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R. W. JOHNSON
FALSE START IN SOUTH AFRICA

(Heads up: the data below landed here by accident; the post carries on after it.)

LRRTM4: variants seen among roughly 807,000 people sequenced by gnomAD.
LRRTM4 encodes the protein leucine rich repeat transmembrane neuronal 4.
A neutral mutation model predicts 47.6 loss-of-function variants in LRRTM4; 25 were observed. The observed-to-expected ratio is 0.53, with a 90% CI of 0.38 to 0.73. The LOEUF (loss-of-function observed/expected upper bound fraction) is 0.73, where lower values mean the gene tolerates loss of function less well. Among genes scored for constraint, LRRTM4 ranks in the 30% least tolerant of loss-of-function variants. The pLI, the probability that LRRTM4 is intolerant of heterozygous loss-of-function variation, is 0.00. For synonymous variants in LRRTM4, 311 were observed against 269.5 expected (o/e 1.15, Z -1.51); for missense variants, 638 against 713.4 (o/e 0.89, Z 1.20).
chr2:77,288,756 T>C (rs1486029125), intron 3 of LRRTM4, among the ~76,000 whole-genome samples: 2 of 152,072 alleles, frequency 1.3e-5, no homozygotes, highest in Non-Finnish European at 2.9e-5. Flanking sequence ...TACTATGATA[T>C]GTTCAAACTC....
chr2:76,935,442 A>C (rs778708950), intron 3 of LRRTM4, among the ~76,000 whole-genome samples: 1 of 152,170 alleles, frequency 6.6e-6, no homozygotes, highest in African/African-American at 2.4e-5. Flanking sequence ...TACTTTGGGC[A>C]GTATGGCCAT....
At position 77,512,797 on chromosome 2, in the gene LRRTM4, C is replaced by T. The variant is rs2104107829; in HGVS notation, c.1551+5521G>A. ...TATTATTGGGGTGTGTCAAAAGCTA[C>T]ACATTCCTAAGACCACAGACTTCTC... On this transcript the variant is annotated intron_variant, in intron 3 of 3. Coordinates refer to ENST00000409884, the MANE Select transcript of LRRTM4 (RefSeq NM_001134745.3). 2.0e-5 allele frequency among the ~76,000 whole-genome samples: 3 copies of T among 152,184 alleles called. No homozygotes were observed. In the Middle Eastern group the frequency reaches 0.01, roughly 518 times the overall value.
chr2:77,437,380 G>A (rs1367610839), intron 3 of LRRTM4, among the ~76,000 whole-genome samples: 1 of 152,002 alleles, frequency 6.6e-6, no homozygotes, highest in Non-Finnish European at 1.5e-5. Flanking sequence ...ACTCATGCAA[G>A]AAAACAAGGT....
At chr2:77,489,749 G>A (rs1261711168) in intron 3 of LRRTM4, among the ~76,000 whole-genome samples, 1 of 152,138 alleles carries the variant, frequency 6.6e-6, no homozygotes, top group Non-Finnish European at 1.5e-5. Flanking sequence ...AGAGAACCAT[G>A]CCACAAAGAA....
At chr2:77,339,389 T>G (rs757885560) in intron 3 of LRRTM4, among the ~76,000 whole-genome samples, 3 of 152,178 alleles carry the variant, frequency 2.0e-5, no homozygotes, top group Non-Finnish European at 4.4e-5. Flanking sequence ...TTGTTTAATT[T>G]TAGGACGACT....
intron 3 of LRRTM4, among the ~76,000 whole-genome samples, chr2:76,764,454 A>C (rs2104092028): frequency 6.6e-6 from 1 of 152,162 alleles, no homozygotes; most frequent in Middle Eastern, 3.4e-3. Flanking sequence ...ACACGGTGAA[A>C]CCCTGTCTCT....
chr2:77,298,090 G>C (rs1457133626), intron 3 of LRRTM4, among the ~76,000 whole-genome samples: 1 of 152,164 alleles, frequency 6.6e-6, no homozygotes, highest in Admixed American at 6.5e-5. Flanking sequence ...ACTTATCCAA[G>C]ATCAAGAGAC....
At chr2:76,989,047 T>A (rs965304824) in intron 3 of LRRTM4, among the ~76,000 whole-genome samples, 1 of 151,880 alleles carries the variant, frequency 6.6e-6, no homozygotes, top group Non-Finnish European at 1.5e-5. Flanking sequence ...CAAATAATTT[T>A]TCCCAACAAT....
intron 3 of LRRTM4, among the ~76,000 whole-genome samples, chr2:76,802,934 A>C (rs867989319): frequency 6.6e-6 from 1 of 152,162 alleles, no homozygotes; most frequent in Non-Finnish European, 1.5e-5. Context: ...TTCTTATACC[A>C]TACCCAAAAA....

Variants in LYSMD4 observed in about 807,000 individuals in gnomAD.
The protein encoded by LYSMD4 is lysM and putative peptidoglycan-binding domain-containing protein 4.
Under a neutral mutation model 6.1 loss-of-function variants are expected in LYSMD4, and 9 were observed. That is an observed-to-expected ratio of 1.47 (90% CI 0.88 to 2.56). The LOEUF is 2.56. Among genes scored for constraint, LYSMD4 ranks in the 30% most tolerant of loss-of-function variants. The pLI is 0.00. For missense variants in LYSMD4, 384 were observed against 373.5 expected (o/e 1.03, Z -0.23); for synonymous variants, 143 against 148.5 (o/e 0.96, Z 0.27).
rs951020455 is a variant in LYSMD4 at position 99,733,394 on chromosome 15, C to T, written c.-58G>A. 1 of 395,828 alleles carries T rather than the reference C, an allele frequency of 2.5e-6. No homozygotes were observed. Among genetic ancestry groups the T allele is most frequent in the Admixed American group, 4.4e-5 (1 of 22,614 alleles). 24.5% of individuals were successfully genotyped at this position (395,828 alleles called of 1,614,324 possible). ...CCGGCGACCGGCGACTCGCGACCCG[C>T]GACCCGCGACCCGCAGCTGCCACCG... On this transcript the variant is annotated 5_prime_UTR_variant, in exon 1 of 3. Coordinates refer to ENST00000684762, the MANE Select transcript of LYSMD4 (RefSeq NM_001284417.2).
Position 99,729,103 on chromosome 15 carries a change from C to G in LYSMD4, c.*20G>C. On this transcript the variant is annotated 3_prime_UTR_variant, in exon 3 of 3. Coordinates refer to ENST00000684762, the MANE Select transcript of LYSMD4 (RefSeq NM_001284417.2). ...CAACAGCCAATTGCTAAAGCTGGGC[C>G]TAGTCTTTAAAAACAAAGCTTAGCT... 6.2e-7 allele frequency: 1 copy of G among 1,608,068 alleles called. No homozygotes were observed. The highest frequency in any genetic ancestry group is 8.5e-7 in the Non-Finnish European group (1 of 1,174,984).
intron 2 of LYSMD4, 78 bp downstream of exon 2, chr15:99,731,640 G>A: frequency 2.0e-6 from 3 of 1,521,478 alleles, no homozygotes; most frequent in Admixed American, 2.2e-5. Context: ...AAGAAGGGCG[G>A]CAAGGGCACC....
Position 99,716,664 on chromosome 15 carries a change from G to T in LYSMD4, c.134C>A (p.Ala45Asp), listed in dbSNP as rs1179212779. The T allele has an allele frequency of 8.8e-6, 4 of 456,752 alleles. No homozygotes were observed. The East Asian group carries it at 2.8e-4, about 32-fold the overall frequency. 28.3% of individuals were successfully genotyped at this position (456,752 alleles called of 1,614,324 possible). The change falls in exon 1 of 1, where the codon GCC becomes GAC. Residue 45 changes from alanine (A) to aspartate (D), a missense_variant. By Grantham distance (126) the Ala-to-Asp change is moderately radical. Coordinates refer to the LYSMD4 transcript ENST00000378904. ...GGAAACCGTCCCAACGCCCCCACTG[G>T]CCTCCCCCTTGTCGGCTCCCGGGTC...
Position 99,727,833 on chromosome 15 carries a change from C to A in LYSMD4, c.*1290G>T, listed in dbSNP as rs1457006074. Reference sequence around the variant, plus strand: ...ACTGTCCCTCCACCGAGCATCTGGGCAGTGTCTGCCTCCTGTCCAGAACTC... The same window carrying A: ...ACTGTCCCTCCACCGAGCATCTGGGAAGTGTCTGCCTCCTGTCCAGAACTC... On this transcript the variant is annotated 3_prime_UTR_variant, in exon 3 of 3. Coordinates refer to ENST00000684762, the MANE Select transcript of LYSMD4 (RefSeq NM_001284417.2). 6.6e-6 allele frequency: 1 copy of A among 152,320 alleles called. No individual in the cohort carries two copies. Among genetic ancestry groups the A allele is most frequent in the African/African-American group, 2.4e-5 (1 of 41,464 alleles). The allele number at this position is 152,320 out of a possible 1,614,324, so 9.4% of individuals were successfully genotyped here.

In South Africa’s first democratic election in 1994 the ubiquitous posters of the African National Congress read ‘Jobs, jobs, jobs’ and ‘A Better Life for All’. The latter slogan is trotted out at each succeeding election; the former has never been seen again. The reason is simple: unemployment is now far higher than in 1994 and heading sharply upwards. On the most commonly used measure, the jobless figure has hovered in the 38–40 per cent range for some time; though even that counts people as employed if they have but a single hour’s paid work (say, washing and polishing a car) in a week. On any reasonable measure of formal employment, over half the working population is jobless. True, one must also allow for the informal sector of street vegetable and fruit sellers, car guards, hawkers and the like. But very few enter that sector except out of desperation, and it shades easily into a vast underclass of beggars, prostitutes and criminals.
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